top of page
Search

8 Dos & Don'ts for jewellery designer makers starting to sell work

Updated: Sep 22, 2023

Update - I wrote this piece just on the cusp of approaching galleries with my new collections of work. This morning my niece explained how she'd seen a friend wearing very similar designs to my work and with a little research it quickly became apparent that yes, there are a lot of designers creating similar work. Oops! So back to the drawing board, perseverance and determination will get me there in the end. So my lesson to share is this - do your research!


I've been teaching jewellery and silversmithing for over fifteen years and something I see time and again is people struggling to come up with projects to make. The go-to is to look at jewellery designs on Pinterest and take inspiration from what is already out there. I agree that when you're just starting out it's important to build up your making-skills and create work that you like and to hone your craft by practising with ready-made designs but after a while I believe every serious maker needs to start asking - What does my creativity look like? What do I want to say or share? What does my work mean and how do I want the wearer to feel? What do I want to leave behind? After all our metal treasures will outlive us all.



I hope the following dos and don'ts help you [Summary]:

  1. Do consider your starting point

  2. Do experiment and play

  3. Do test drive your jewellery

  4. Do continue to develop your skills

  5. Don't replicate someone else's work and claim it as your own

  6. Don't keep making work you hate

  7. Don't charge your customer for your inexperience

  8. Don't undersell yourself

Now let’s review each step in more detail.


Do

- consider your starting point.

Try to not look at other jewellery designers work and find something that excites and engages you. Maybe a poem, a story, an old picture or an antique piece, fixings and fastenings, different environments (underwater, mountains, woodland), nature, science, images of macro or microscopic patterns, techniques, spirituality, politics... the options are unlimited, let your imagination fly.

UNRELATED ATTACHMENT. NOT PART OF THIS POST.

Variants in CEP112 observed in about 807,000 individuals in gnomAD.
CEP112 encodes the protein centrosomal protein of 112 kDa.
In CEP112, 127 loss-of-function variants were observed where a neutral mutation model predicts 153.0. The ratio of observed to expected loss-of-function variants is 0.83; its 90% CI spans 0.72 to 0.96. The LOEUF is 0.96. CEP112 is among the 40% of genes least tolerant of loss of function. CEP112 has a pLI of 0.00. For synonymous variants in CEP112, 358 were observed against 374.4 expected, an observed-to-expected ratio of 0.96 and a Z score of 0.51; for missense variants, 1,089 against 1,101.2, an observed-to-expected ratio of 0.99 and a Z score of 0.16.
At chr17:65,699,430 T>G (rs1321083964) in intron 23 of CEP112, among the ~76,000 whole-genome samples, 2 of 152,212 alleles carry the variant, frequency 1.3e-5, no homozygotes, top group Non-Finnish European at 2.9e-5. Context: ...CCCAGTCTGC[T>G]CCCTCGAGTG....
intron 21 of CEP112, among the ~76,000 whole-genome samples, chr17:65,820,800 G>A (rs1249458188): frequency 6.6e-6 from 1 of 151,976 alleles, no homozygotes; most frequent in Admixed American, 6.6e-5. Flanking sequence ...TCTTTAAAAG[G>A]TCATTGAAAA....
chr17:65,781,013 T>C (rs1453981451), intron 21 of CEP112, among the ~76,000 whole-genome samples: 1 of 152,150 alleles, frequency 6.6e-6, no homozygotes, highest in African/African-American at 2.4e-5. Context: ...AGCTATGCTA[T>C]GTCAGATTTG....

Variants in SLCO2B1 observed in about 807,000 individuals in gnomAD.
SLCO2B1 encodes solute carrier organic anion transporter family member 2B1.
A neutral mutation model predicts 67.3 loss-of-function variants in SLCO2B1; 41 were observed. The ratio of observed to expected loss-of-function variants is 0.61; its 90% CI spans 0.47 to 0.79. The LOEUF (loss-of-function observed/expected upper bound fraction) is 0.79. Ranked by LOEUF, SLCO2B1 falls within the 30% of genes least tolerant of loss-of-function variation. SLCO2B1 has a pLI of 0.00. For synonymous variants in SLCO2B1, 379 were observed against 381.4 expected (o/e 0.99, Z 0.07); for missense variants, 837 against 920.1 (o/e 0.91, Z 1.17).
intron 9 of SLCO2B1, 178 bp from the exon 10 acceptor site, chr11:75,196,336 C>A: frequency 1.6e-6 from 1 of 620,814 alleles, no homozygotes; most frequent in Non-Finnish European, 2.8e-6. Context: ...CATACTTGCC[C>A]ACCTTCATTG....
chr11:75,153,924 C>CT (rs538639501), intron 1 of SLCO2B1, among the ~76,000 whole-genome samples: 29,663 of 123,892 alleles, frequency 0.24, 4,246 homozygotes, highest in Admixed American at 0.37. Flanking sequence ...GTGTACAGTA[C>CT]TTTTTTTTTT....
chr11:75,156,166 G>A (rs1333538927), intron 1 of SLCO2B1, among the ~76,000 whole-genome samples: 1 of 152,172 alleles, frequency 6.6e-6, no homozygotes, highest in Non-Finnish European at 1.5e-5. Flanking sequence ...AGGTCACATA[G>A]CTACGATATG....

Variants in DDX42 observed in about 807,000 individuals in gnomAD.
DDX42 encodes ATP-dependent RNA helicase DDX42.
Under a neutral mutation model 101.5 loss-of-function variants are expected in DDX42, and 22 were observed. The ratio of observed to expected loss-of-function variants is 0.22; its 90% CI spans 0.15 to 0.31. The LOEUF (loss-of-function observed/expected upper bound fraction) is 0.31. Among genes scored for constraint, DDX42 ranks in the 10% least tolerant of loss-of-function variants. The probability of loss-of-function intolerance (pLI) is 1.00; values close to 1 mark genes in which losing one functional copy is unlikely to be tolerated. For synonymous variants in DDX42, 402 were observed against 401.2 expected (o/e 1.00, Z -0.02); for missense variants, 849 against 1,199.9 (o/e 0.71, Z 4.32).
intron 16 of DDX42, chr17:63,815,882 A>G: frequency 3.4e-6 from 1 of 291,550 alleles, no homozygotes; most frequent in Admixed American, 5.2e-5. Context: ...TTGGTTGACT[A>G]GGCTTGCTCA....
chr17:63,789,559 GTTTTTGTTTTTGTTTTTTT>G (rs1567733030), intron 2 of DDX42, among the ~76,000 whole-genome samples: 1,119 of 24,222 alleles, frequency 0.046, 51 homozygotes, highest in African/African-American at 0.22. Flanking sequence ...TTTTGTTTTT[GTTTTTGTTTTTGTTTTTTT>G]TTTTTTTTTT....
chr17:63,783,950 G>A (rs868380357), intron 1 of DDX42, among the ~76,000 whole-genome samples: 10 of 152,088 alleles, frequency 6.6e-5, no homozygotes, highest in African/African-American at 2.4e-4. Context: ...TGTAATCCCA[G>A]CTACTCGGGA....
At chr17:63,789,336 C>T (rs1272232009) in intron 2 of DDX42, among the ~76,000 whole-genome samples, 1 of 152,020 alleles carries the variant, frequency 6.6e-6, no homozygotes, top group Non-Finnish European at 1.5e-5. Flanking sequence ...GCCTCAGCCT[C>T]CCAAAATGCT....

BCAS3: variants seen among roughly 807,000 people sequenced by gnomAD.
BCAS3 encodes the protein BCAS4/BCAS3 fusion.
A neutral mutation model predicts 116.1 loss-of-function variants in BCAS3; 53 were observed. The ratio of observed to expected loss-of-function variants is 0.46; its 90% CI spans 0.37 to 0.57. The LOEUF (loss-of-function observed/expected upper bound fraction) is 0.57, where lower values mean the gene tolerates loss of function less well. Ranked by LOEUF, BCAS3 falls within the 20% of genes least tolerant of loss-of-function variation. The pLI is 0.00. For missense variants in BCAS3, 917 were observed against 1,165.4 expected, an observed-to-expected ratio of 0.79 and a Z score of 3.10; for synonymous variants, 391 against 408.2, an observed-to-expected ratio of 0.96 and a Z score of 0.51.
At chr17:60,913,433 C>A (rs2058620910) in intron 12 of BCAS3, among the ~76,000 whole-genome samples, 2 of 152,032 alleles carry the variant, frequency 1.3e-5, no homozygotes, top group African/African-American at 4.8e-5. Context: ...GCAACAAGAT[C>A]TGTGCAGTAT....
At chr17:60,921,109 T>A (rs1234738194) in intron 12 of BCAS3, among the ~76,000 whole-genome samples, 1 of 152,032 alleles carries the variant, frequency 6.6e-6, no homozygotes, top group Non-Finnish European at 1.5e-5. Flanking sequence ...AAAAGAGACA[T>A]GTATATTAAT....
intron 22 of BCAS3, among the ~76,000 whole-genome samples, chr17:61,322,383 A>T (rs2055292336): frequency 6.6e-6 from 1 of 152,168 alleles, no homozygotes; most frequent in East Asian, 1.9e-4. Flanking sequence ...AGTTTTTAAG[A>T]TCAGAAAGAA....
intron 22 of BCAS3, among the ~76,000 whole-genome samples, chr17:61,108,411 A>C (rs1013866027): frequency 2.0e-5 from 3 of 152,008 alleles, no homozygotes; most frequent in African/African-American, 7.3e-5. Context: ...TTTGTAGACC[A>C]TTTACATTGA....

- experiment and play

It is rare to create the perfect piece the first time around. Give yourself a break, relax and play with the materials and techniques, see if you can develop your own way of doing things after initial research and training. Be mindful of the making process so that you can decide if it's something you enjoy and want to repeat and also it's good to know how to repeat it!


- test drive your jewellery

Before making several of the same stunning items be sure to wear your piece, check for any sharp areas by closing your eyes and running fingers over every edge. Wear your item to make sure it's strong, it's comfortable and it sits how you intended.


- continue to develop your skills

Just because you've got to a certain level of competence with your making, don't get complacent, sign up for more training, look online for new tools to play with. Continue to be excited and find ways to stay enthusiastic about your craft.



Don't

- replicate someone else's work and claim it as your own

It does help you not to 'copy' someone else's work if you're not looking at other jewellery designers for inspiration. But if, by accident, you land up making similar work through iterative design or from starting from a similar starting point then I feel like that's okay. If you knowingly reproduce a designers work and sell it as your own you are not adding anything to the world and are effectively stealing someone's intellectual property.


- keep making work you hate

You've found something that sells well but it fills your stomach with dread when you have to make it - STOP. Life is too short to be wasting your time on hashing out the same old tried and tested work. It will drain your energy and you'll become little more than a robot. Start again with new inspiration, technique or toy (tool).




- charge your customer for your inexperience

The Artists Union England suggests charging around £30 per hour as a craftsperson. Now, a ring made by an experienced jeweller might take an hour but a novice may take three. This cost can't realistically be passed on to your customer. A way around this is to find a quicker way to produce the same item, outsource the service (stone setting, casting etc), practise the technique you love and get faster or you could consider what you can make quickly at the design stage.


- Undersell yourself

This is such an important one and I can't stress enough how difficult it is for us to know our worth - myself included! With a saturated market it's easy to under price work to match similar work on Etsy and the like. But ask yourself, if you're okay with underselling and it's costing you money to make the item why not simply gift the work for free? By not charging enough for your time, expertise, creativity, materials and overheads you are undermining someone who is, thereby making it difficult for designer makers to earn a living. One way to look at it is this - how much does an average couple out on a dinner date spend? Now, how much are you charging for that handmade, one of a kind ring made with precious metal and stones that will last forever?



Teresa Crickmar

Founder of Creative Therapy Space & Fine Jewellery Brand Dea + me









59 views0 comments

Recent Posts

See All
bottom of page